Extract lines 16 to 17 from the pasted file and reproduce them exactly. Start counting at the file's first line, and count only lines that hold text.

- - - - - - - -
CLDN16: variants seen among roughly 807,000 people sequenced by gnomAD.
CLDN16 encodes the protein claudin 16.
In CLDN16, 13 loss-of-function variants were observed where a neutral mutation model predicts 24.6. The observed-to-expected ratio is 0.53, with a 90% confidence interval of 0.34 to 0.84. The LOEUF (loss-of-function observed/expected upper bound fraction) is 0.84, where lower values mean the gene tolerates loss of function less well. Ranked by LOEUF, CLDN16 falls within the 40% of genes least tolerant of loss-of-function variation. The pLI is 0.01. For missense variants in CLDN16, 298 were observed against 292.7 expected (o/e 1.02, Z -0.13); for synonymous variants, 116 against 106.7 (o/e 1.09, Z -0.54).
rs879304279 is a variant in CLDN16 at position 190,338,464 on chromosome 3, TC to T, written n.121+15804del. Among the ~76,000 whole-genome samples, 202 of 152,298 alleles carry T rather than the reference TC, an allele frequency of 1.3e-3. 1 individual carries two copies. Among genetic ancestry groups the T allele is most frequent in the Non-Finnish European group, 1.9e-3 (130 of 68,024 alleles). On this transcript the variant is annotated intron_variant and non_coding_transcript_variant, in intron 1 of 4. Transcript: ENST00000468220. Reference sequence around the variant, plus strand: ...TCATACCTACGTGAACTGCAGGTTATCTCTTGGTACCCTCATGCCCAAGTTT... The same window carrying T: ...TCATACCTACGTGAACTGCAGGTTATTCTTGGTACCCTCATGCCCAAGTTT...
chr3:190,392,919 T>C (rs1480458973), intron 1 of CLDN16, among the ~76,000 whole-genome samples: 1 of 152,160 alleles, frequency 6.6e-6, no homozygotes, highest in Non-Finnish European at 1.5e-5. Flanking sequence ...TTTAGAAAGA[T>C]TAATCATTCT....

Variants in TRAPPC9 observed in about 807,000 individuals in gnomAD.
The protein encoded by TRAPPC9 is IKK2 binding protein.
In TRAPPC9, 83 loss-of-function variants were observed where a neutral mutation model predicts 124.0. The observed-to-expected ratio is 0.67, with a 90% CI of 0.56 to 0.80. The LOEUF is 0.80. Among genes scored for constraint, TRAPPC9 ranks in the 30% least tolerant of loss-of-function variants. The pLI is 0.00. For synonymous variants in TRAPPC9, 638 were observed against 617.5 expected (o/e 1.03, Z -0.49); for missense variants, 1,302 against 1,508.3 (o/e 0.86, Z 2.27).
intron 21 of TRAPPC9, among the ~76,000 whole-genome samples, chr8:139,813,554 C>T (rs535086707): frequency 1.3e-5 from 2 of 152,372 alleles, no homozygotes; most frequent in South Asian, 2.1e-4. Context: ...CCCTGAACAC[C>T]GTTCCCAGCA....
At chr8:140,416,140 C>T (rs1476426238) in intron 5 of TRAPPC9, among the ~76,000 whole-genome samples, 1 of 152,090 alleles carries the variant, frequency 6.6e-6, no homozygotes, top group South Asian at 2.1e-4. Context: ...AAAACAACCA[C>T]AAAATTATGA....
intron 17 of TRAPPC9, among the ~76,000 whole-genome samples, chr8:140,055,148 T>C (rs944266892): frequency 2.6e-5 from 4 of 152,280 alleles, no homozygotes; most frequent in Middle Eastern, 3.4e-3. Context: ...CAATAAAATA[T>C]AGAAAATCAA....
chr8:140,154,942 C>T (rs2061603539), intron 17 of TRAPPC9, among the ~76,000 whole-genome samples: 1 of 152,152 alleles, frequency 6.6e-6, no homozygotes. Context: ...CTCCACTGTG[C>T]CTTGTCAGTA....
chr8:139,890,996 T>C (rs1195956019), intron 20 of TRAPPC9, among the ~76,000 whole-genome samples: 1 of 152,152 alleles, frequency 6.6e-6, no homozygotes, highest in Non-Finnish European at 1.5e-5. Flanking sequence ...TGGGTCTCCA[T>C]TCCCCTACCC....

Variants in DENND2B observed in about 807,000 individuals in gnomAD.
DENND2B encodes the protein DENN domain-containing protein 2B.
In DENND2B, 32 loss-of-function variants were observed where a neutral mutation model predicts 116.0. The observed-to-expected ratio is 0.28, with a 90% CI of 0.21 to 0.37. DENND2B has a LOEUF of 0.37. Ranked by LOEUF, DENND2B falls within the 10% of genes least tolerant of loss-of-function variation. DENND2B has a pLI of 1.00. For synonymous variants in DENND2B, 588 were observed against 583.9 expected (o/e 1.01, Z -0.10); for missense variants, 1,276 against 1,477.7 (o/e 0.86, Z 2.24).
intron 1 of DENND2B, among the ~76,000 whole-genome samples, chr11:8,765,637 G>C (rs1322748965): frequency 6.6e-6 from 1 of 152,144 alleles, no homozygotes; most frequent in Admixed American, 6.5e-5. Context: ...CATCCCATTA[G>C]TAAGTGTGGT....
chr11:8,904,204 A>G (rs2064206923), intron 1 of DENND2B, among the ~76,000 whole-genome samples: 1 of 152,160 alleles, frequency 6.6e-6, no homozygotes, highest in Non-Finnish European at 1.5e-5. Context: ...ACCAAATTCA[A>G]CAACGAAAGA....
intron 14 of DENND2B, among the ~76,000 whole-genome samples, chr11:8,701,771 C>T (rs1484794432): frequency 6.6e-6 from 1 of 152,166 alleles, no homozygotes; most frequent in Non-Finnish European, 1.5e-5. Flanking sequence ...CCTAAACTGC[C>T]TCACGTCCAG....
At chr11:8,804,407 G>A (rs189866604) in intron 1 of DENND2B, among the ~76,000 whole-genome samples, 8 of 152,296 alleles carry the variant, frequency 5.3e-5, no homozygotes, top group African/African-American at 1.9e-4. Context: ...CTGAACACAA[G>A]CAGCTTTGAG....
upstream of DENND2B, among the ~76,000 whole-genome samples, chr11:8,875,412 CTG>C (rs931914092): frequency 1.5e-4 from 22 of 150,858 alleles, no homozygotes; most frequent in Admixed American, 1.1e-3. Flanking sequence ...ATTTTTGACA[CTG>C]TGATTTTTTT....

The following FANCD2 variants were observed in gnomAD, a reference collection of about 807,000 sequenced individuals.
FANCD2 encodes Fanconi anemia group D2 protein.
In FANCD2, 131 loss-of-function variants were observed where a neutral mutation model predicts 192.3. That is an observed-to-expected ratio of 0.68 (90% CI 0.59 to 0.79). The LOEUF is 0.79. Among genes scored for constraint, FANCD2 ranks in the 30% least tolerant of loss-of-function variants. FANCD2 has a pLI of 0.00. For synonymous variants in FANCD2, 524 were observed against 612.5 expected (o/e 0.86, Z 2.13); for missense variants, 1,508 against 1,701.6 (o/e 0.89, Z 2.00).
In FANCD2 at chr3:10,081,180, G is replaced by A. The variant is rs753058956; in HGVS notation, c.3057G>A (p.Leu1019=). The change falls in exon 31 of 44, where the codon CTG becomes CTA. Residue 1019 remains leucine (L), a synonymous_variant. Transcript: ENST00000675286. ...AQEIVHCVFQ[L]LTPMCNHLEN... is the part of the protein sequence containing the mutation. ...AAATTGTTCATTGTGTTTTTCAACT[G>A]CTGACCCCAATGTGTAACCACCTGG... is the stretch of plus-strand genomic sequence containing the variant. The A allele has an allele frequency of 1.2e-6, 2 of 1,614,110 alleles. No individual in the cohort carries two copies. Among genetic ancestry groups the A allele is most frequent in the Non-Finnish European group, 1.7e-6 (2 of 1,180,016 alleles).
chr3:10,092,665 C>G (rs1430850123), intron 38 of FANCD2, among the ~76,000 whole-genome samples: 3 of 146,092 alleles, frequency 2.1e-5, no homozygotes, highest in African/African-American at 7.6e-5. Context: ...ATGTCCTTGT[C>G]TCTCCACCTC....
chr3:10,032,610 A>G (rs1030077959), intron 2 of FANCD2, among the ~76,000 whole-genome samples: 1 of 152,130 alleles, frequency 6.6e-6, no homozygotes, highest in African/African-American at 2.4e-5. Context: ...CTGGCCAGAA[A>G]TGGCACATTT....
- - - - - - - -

In DENND2B, 32 loss-of-function variants were observed where a neutral mutation model predicts 116.0. The observed-to-expected ratio is 0.28, with a 90% CI of 0.21 to 0.37. DENND2B has a LOEUF of 0.37. Ranked by LOEUF, DENND2B falls within the 10% of genes least tolerant of loss-of-function variation. DENND2B has a pLI of 1.00. For synonymous variants in DENND2B, 588 were observed against 583.9 expected (o/e 1.01, Z -0.10); for missense variants, 1,276 against 1,477.7 (o/e 0.86, Z 2.24).
intron 1 of DENND2B, among the ~76,000 whole-genome samples, chr11:8,765,637 G>C (rs1322748965): frequency 6.6e-6 from 1 of 152,144 alleles, no homozygotes; most frequent in Admixed American, 6.5e-5. Context: ...CATCCCATTA[G>C]TAAGTGTGGT....